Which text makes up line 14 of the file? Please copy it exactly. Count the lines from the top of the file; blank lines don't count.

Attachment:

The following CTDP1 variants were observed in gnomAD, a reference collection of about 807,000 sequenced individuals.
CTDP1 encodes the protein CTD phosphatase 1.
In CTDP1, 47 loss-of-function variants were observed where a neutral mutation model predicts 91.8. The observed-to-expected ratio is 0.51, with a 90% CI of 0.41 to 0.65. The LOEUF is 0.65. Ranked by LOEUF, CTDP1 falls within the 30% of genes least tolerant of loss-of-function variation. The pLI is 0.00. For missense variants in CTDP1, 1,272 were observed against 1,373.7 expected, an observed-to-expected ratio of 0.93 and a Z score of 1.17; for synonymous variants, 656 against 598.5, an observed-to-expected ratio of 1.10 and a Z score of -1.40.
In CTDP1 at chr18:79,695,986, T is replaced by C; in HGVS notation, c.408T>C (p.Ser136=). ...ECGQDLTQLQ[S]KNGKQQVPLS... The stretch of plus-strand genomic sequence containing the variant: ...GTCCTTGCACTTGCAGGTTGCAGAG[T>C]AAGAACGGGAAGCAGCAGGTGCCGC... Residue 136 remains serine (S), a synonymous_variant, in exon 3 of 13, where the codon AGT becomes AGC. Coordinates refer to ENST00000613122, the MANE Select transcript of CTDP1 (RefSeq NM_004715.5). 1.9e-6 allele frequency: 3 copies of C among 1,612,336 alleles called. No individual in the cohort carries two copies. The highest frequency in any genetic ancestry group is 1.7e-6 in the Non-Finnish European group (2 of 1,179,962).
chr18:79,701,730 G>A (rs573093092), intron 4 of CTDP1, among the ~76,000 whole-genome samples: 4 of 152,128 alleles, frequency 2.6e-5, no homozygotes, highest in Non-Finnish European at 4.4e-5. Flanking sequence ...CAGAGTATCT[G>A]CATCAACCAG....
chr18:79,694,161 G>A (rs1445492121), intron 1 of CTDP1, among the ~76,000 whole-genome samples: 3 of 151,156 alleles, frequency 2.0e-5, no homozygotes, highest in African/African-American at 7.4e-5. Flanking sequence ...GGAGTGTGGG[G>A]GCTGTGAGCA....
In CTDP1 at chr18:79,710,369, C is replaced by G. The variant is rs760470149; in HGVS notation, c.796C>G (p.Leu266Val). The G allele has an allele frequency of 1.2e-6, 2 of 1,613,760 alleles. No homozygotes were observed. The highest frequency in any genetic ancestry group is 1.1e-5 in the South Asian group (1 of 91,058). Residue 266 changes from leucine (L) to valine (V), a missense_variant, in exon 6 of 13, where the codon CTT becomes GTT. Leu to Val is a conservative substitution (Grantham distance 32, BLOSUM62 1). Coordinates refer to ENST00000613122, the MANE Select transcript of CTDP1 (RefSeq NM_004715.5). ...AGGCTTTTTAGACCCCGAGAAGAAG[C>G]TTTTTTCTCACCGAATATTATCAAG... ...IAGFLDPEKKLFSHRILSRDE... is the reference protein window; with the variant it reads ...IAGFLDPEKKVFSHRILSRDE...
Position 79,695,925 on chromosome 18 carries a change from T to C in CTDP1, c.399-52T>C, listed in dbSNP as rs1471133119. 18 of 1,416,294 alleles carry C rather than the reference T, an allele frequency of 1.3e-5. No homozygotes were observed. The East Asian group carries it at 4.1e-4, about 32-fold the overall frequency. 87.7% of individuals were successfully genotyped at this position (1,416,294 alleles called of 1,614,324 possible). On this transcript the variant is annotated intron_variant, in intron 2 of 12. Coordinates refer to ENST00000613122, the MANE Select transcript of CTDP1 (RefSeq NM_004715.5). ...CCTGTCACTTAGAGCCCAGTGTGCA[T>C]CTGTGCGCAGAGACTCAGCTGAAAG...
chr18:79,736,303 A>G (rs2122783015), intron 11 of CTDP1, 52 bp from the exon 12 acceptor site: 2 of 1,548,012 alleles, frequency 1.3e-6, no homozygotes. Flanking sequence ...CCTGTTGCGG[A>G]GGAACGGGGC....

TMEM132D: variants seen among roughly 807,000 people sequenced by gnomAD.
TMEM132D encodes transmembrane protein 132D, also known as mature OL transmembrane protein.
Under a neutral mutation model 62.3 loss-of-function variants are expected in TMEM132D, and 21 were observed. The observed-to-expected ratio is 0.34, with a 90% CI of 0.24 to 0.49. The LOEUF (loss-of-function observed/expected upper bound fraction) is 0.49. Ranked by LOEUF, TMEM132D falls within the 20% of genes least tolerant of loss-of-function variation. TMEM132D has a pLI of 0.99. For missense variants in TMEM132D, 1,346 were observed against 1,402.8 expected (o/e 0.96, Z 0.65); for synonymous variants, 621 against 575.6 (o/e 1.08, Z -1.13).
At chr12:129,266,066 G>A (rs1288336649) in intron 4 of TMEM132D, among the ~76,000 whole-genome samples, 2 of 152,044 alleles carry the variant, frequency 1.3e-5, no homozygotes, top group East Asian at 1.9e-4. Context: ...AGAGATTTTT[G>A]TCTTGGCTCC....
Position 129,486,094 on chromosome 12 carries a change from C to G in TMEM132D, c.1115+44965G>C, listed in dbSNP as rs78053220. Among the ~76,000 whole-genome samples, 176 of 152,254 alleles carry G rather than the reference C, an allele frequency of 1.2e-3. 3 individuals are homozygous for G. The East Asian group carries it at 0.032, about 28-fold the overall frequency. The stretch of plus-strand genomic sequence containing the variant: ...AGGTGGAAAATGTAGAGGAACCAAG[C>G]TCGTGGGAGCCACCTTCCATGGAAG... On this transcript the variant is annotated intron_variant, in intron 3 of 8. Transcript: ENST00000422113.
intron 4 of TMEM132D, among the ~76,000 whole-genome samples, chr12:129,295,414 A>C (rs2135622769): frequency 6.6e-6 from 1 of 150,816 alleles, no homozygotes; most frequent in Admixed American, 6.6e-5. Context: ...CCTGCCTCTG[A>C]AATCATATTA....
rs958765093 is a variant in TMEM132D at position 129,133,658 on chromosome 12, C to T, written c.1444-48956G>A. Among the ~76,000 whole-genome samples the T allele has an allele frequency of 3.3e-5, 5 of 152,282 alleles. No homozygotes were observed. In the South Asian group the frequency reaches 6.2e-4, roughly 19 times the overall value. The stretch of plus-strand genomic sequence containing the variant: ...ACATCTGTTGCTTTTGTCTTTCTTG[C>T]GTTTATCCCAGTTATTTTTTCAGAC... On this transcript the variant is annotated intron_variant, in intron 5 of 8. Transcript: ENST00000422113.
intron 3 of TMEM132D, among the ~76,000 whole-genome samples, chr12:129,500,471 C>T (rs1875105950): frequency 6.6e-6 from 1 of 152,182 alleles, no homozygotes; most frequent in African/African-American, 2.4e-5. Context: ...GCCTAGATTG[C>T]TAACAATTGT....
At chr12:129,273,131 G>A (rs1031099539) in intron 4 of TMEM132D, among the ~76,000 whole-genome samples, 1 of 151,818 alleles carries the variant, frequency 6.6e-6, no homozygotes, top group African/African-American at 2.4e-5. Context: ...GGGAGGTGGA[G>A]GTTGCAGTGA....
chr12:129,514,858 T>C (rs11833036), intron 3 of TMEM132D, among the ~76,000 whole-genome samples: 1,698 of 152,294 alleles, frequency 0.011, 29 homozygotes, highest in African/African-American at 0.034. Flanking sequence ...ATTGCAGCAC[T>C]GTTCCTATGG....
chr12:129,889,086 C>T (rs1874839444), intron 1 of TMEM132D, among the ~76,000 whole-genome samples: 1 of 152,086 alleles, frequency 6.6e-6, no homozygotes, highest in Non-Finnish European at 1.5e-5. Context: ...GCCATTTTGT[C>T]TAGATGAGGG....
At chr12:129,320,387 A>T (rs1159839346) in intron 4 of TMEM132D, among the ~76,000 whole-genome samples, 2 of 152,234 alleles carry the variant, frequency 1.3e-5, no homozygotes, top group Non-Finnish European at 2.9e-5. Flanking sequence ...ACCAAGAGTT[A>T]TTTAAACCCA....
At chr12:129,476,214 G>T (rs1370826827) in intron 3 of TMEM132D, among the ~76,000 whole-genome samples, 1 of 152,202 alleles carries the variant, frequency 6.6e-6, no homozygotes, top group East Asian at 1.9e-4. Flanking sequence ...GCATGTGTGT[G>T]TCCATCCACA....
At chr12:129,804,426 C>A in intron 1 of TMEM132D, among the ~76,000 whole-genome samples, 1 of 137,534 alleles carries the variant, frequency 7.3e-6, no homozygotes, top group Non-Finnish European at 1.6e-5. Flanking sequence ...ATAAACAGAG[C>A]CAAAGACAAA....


Position 129,486,094 on chromosome 12 carries a change from C to G in TMEM132D, c.1115+44965G>C, listed in dbSNP as rs78053220. Among the ~76,000 whole-genome samples, 176 of 152,254 alleles carry G rather than the reference C, an allele frequency of 1.2e-3. 3 individuals are homozygous for G. The East Asian group carries it at 0.032, about 28-fold the overall frequency. The stretch of plus-strand genomic sequence containing the variant: ...AGGTGGAAAATGTAGAGGAACCAAG[C>G]TCGTGGGAGCCACCTTCCATGGAAG... On this transcript the variant is annotated intron_variant, in intron 3 of 8. Transcript: ENST00000422113.